Last month, when the heir to the throne of Britain went on a skiing vacation in Courchevel, on a flight to Switzerland, he and his girlfriend, Kate, took a right upon entering the British Airways aircraft, and sat amongst the rabble. "I think a lot of people on the flight didn't even realize who they were," said a courtier.
From now on, whenever William's small security detail allows it, he'll fly in coach. Like corporate businessmen worldwide, he's economizing by avoiding first and business class whenever he needs to travel. (One British paper's version of the flight says William gave his first-class seats to Kate's parents.)
The kid had some good role models. William, as the son of Lady Diana, has always shown a smart sense for keeping step with the public. His father, Prince Charles, has also been a substantive good example in his campaign for climate awareness, prioritizing train travel above private jets, and taking his staff out of cars and putting them on bikes (a green effort that also has the benefit of being cost-conscious). The Queen herself, who isn't likely to join her grandchildren amongst the hoi polloi, has at least held off purchasing a new £7 million private jet, sticking instead to an older plane.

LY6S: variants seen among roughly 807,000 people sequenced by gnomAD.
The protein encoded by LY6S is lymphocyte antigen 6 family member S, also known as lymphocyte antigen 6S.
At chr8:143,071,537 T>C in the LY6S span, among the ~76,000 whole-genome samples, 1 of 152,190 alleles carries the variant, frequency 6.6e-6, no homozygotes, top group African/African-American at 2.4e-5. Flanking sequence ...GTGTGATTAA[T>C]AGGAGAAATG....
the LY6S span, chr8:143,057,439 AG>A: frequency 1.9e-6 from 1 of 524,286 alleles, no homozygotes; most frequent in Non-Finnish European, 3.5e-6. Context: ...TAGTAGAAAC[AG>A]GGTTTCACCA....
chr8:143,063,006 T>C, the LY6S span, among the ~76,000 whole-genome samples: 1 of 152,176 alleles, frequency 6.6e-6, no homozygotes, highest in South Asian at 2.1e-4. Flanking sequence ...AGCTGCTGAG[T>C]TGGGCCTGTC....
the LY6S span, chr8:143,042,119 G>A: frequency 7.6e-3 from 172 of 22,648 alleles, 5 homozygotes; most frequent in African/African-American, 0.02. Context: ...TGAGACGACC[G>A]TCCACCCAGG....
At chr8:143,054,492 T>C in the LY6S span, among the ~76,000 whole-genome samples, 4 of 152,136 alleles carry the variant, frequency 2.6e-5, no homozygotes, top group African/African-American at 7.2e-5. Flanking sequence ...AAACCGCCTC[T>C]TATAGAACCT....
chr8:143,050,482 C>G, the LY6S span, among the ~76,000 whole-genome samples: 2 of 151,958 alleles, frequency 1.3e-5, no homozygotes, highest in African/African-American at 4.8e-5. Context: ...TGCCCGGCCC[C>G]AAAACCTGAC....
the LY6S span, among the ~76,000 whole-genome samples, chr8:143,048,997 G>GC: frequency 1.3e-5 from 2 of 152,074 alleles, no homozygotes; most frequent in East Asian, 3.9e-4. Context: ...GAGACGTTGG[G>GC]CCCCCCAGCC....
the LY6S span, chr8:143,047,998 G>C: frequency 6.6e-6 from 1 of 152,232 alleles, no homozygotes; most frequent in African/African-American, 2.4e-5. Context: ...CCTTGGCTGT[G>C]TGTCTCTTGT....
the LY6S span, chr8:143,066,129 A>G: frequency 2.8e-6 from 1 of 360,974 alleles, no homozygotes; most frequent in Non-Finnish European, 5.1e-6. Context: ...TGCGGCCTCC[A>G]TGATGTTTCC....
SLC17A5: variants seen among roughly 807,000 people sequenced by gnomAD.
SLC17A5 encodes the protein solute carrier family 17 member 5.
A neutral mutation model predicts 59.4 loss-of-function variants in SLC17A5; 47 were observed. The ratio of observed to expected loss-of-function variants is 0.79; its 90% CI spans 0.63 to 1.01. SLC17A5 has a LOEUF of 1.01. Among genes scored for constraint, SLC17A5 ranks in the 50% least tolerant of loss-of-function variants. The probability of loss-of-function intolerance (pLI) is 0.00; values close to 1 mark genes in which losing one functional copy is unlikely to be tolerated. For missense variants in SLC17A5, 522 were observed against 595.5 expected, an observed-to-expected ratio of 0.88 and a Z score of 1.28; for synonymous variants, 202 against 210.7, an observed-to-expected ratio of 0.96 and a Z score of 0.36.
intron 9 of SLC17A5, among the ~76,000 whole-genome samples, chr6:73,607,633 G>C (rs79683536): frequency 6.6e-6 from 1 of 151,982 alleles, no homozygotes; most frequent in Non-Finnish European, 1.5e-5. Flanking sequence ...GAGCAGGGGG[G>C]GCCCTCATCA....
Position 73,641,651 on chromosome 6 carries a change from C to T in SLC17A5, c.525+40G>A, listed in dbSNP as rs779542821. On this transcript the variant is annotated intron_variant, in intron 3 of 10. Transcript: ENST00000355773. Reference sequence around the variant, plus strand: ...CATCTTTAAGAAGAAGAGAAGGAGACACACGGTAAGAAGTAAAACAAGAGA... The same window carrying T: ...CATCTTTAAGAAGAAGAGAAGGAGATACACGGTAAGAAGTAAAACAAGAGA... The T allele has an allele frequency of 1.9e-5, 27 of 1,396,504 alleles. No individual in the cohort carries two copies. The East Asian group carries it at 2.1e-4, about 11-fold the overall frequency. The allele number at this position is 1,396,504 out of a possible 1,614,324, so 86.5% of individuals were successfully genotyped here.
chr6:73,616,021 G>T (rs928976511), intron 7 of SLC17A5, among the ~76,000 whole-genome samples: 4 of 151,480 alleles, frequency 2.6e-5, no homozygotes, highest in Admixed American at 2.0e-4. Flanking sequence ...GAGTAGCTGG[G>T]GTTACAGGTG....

If there's one person on Earth to whom you'd think class distinction would matter, it's the future King of England. It's a sign of the age, though, that even he prefers to be the People's Prince and squeeze in between the armrests.